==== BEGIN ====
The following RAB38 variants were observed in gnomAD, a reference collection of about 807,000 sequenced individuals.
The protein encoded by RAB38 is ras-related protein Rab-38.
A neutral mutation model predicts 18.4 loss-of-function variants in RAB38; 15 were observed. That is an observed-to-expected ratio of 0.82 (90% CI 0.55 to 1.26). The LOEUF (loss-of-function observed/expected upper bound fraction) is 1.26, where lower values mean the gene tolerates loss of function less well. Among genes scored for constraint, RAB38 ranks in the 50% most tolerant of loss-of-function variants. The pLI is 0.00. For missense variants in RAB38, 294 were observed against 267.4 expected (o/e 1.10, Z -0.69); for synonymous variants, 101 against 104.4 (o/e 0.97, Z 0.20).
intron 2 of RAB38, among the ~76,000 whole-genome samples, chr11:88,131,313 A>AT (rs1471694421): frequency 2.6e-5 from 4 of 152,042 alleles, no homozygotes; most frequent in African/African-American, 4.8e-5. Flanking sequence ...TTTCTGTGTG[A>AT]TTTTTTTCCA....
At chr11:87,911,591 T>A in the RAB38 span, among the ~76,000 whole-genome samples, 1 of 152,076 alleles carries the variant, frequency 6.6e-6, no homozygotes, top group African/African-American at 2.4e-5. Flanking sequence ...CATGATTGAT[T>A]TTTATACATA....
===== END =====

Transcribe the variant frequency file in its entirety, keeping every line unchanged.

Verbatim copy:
The following RAB38 variants were observed in gnomAD, a reference collection of about 807,000 sequenced individuals.
The protein encoded by RAB38 is ras-related protein Rab-38.
A neutral mutation model predicts 18.4 loss-of-function variants in RAB38; 15 were observed. That is an observed-to-expected ratio of 0.82 (90% CI 0.55 to 1.26). The LOEUF (loss-of-function observed/expected upper bound fraction) is 1.26, where lower values mean the gene tolerates loss of function less well. Among genes scored for constraint, RAB38 ranks in the 50% most tolerant of loss-of-function variants. The pLI is 0.00. For missense variants in RAB38, 294 were observed against 267.4 expected (o/e 1.10, Z -0.69); for synonymous variants, 101 against 104.4 (o/e 0.97, Z 0.20).
intron 2 of RAB38, among the ~76,000 whole-genome samples, chr11:88,131,313 A>AT (rs1471694421): frequency 2.6e-5 from 4 of 152,042 alleles, no homozygotes; most frequent in African/African-American, 4.8e-5. Flanking sequence ...TTTCTGTGTG[A>AT]TTTTTTTCCA....
At chr11:87,911,591 T>A in the RAB38 span, among the ~76,000 whole-genome samples, 1 of 152,076 alleles carries the variant, frequency 6.6e-6, no homozygotes, top group African/African-American at 2.4e-5. Flanking sequence ...CATGATTGAT[T>A]TTTATACATA....